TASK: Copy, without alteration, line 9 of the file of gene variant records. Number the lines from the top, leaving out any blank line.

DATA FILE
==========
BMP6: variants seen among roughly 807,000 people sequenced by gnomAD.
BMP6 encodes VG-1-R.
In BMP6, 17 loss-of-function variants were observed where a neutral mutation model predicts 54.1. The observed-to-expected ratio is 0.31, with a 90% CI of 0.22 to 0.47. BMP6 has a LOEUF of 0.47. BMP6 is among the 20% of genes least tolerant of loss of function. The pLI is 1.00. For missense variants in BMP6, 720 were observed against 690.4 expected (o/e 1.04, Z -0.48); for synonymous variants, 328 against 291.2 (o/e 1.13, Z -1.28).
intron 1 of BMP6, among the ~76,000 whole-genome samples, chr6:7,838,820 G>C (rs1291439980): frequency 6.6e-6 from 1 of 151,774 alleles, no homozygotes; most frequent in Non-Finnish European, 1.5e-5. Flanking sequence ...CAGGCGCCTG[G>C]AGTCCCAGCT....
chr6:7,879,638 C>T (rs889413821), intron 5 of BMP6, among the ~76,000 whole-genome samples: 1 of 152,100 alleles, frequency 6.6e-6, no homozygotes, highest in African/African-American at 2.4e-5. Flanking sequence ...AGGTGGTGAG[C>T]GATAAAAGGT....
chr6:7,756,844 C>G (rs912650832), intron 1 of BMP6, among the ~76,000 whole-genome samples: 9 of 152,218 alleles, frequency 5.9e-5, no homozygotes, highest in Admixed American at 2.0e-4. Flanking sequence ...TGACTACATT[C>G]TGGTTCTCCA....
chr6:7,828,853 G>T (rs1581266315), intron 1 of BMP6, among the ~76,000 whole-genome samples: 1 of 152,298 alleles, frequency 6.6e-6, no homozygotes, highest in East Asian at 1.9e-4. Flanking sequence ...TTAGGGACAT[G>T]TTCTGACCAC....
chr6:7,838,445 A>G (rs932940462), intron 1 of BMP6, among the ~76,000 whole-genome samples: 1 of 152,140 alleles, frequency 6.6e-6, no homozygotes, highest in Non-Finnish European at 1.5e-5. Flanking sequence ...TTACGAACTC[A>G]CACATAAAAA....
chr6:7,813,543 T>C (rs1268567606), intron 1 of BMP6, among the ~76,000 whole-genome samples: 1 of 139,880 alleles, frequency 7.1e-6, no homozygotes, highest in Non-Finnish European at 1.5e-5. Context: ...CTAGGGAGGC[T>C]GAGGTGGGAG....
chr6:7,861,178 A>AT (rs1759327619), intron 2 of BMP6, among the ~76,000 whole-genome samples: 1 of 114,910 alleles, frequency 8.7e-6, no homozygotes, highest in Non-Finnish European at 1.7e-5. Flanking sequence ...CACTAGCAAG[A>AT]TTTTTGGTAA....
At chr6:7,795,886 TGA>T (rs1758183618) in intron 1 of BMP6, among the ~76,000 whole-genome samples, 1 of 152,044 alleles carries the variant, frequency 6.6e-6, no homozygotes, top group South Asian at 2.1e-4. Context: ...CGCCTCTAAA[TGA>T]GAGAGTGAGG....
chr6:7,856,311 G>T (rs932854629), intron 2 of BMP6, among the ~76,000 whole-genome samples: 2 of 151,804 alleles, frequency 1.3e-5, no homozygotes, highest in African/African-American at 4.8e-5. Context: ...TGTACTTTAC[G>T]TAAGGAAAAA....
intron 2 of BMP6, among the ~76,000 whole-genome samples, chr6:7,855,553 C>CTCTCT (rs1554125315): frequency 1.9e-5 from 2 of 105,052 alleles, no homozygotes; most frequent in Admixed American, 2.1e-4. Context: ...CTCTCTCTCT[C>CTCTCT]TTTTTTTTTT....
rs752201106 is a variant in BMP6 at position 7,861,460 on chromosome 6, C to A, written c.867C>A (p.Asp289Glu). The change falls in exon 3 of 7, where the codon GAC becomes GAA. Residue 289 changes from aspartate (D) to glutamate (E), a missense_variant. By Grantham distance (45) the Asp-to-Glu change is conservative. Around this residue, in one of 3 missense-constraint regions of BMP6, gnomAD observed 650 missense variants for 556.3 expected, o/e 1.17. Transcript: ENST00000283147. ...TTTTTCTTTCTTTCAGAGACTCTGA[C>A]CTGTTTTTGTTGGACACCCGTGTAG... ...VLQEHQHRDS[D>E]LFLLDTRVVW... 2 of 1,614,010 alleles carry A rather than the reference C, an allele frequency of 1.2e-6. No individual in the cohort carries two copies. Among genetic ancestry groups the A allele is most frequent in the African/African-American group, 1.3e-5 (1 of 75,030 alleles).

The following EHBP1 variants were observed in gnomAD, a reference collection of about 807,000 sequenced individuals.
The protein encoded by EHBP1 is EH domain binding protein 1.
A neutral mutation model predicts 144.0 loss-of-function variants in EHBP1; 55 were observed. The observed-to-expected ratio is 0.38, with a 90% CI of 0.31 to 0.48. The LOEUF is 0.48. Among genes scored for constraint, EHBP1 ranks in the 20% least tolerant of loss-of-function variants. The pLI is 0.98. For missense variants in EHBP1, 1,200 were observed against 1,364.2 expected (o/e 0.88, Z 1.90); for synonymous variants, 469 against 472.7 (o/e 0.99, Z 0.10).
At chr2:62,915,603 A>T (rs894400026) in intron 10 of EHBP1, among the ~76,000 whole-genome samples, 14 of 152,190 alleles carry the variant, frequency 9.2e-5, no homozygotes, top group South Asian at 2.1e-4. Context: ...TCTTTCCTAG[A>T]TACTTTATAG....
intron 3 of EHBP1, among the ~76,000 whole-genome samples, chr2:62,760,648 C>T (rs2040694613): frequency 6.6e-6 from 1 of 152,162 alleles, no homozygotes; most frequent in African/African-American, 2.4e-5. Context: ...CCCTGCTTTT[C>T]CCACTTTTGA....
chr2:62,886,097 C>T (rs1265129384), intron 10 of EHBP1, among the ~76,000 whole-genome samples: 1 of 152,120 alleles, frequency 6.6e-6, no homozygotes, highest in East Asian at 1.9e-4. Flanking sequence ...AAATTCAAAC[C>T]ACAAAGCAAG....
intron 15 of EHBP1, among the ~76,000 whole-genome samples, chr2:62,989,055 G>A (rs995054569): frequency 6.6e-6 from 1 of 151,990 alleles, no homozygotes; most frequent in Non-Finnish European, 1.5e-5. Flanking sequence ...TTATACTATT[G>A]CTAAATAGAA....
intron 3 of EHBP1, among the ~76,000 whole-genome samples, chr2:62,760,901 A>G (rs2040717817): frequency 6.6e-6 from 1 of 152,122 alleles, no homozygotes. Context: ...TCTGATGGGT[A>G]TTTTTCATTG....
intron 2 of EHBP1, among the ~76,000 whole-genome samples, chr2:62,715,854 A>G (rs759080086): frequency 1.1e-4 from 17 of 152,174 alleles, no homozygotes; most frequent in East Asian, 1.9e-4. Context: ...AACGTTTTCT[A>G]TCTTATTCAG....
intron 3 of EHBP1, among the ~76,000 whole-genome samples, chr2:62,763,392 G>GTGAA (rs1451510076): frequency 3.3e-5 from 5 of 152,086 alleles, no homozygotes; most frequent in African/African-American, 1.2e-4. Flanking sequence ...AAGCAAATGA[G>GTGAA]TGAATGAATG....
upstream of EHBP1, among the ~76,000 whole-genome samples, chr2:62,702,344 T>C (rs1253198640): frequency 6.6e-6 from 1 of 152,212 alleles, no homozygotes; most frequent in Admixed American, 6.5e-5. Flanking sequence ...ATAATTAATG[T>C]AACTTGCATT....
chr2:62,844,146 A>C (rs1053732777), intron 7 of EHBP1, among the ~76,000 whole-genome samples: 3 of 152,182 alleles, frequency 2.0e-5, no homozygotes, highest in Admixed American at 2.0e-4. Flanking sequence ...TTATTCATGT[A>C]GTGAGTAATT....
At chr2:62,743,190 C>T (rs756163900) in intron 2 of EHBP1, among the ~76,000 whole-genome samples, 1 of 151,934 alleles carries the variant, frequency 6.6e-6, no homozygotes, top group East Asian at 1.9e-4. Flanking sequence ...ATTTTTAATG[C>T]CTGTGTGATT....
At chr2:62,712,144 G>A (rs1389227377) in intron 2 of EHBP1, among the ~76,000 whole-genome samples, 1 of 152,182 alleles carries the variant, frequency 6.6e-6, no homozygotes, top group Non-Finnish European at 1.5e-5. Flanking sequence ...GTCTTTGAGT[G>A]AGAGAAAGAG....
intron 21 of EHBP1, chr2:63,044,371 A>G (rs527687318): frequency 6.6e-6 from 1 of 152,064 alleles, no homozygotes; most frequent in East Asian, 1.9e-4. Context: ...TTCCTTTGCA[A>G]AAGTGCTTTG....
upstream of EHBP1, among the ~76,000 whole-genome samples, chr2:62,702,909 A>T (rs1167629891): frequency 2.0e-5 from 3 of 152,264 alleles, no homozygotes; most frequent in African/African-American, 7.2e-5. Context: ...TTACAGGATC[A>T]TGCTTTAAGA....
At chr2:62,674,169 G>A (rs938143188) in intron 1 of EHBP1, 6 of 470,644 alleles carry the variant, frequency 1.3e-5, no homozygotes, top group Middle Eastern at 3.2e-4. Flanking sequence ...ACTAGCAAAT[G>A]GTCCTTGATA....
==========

chr6:7,813,543 T>C (rs1268567606), intron 1 of BMP6, among the ~76,000 whole-genome samples: 1 of 139,880 alleles, frequency 7.1e-6, no homozygotes, highest in Non-Finnish European at 1.5e-5. Context: ...CTAGGGAGGC[T>C]GAGGTGGGAG....